Croissants at Artisan Boulanger Patissier
This French bakery holding it down along the traditionally Italian East Passyunk Avenue corridor does many things well, but Artisan’s flawless croissants are arguably its greatest achievement. The plain version of the pastry costs $2.25, but for just a quarter more, you can treat yourself to one crammed with chocolate. Got another buck to spare? Drop that dollar bill on a supple almond croissant crowned with powdered sugar and priced at $3.50. All of Artisan’s croissants are in high demand, so make sure you fall in line as early as possible if you want to score one (or several) before they sell out for the day.
Burger and Fries at Fountain Porter
Yes, the cheesesteak looms large over all of Philly Sandwichdom — but there are worthy burgers to seek out in this city, too. Though nestled just a few blocks from the birthplace of Philly’s most-publicized culinary export, Fountain Porter holds its own in the ‘hood by coupling its impressive lineup of draft brews with an unfussy food menu. Their kept-so-simple beef patty, seasoned, dressed and potato bun’d the way it would come at a good friend’s weekend barbecue, runs just $5 (there’s a veggie option, too). The best part: You can throw in a side of fries and still keep your food tab under $10.
Fried Crab Claw at Nom Wah Tea Parlor
With so many alluring options squeezed onto the menu at Nom Wah, decision time may make you feel a bit like a deer caught in headlights. The venerable NYC restaurant expanded into Philly in 2015, thus blessing the City of Brotherly Love with its extensive selection of dim sum offerings. Classic turnip cake? Check. Chunky cilantro-scallion rice rolls? Check. Shrimp and snow pea leaf dumplings? Check. But the best way to stopgap your hunger while navigating the maze of menu choices is with this unconventional (and budget-friendly) bite: the fried crab claw for $4.50. The kitchen wraps sweet blue crab meat in minced shrimp, then batters and fries the whole lot. The pincer is left intact, providing the snack with its own convenient handle.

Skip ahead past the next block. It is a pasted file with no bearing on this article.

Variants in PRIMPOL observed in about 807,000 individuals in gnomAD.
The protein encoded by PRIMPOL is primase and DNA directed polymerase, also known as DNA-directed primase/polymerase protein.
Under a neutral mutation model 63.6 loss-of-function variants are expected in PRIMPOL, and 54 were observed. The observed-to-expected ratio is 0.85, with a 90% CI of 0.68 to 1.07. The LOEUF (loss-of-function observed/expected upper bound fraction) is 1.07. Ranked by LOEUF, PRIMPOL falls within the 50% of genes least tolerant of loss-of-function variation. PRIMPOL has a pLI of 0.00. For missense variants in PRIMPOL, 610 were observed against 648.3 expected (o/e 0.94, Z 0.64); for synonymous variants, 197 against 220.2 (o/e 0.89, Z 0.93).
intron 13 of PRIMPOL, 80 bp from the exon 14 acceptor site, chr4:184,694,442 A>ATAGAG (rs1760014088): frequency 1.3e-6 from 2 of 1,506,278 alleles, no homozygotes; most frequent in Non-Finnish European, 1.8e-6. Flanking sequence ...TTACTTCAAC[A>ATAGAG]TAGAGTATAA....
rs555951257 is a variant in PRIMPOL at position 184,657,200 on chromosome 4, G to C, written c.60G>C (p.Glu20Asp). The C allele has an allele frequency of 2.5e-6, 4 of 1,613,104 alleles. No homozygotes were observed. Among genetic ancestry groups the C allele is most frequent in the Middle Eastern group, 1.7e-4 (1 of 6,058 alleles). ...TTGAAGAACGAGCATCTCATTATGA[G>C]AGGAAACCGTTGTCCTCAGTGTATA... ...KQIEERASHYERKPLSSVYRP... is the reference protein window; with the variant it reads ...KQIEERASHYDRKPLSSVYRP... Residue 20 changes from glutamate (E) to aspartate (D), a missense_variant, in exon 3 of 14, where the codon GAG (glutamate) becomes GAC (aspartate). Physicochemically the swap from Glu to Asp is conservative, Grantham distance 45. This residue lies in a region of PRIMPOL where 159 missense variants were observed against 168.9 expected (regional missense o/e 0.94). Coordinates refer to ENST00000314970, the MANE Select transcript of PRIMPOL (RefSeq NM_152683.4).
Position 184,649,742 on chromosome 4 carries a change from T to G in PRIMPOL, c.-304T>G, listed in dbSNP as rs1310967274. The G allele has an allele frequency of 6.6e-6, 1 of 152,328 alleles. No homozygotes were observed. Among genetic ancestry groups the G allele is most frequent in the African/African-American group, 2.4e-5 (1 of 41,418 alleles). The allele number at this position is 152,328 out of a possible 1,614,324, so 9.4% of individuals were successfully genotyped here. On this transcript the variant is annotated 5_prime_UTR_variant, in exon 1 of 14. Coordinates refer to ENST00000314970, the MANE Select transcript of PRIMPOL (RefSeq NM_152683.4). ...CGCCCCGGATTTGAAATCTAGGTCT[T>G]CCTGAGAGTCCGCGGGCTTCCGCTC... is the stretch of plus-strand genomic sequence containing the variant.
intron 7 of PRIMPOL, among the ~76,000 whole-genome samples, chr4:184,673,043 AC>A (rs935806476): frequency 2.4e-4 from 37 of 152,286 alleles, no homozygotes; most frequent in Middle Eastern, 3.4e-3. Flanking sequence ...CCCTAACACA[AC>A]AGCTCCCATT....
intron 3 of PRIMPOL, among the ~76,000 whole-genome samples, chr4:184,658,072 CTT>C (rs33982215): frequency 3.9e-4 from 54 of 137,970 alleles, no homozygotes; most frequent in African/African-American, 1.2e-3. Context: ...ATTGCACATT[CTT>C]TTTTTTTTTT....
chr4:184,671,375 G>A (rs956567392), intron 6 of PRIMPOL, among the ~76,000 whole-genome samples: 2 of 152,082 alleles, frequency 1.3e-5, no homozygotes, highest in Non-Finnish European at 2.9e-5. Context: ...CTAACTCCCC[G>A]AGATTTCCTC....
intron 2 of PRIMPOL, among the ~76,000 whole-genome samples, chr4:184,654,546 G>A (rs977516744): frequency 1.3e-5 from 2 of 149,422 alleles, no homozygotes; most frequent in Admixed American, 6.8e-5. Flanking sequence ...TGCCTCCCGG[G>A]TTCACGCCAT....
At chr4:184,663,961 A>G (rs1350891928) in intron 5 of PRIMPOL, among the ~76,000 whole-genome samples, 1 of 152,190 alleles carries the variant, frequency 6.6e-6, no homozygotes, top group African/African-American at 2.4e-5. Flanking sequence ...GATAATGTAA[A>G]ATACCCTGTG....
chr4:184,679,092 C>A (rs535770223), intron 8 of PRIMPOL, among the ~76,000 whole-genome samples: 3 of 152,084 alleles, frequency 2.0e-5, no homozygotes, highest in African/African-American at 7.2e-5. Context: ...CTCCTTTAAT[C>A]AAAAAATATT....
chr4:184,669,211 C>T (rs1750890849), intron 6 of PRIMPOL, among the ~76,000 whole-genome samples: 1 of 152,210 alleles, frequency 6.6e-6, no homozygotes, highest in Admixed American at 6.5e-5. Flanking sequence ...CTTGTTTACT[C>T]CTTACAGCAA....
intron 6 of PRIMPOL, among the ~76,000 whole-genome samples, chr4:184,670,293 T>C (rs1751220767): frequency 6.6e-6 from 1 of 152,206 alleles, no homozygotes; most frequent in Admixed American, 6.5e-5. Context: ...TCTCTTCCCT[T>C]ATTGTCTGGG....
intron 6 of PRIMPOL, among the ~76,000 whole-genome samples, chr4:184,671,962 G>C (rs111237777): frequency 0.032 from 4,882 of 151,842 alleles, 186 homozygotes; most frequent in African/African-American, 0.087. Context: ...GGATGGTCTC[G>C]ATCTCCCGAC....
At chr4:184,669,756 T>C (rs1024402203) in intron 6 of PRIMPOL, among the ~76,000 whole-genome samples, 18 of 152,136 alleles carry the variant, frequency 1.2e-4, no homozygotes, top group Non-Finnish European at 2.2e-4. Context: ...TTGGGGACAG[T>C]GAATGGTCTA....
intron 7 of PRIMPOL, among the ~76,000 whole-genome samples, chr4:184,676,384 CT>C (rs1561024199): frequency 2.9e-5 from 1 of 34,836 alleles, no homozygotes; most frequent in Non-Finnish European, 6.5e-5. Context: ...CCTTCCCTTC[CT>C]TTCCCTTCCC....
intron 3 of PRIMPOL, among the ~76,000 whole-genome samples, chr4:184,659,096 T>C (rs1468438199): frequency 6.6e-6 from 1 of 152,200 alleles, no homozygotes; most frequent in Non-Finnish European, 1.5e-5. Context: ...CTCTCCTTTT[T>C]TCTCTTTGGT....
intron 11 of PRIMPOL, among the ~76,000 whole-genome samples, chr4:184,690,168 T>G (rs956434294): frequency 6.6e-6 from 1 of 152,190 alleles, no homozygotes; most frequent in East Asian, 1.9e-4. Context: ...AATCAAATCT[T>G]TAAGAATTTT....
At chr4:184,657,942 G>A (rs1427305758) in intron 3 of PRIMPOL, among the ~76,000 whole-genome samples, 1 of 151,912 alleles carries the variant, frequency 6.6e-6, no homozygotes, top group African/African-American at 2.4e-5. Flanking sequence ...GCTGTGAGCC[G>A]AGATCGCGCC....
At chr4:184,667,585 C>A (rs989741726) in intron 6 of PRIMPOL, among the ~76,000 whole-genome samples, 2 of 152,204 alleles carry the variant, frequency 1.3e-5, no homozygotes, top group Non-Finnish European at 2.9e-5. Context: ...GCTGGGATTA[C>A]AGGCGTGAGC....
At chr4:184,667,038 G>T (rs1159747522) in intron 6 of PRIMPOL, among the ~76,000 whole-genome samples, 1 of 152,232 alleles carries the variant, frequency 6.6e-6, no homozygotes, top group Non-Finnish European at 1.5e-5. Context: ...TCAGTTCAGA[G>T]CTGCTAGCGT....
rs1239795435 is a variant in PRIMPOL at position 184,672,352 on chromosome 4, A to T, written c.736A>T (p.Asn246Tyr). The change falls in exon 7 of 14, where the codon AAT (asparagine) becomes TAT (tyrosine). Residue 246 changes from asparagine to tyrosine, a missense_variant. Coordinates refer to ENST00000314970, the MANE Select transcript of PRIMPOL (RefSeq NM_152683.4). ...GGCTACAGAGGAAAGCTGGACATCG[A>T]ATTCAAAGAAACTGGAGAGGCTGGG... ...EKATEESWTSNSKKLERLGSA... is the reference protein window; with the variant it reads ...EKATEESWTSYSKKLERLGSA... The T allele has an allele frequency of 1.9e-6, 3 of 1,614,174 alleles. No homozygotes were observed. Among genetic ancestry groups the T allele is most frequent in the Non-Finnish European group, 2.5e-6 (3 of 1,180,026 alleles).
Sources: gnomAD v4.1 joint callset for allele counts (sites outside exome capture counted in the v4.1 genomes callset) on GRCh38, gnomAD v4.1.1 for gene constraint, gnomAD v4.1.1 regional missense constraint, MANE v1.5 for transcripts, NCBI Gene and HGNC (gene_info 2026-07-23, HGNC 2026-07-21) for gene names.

Empanadas at Jezabel’s Cafe
Jezabel Careaga has brought the flavors of back home to her adopted city via her namesake cafe. At her cozy nook nestled in the Fitler Square neighborhood, Careaga recreates the same home-cooked specialties that she made growing up in Palpalá, Argentina. The caramel-stuffed cookies known as alfajores will satisfy just about any sweet tooth, but plenty of savory options dot the menu, too. In fact, the accomplished baker might be best-known for her signature empanadas. Smaller and lighter than their Central American counterparts, Careaga’s dough pockets ($3.50/each) are baked instead of fried. She crams them with a satisfying assortment of fillings like spicy beef or chicken; vegetarian lentils; and ham, cheese and tomato.
Party Crasher at Waffles and Wedges
Score next-level waffles and potato wedges at this takeaway shop. Their thick-cut spuds, which are baked instead of fried, go from basic to extra in as much time as it takes you to decide on which meats, cheeses and sauces to get heaped on top. The Liege-style waffles are also a win. Made with imported Belgian pearl sugar, these crisp and chewy creations can be crowned with all manner of delicious adornments. The Party Crasher is a perfect way to go all out without dropping a serious amount of cash. A menu staple since the shop’s 2015 opening, this celebration-worthy waffle comes topped with vanilla icing and a flurry of rainbow sprinkles, all for $7. Party Crasher is also the name of W&W’s mobile food truck, which schleps sweets from their Pine Street HQ to loads of outdoors festivals and special events.
Pretzels at Miller's Twist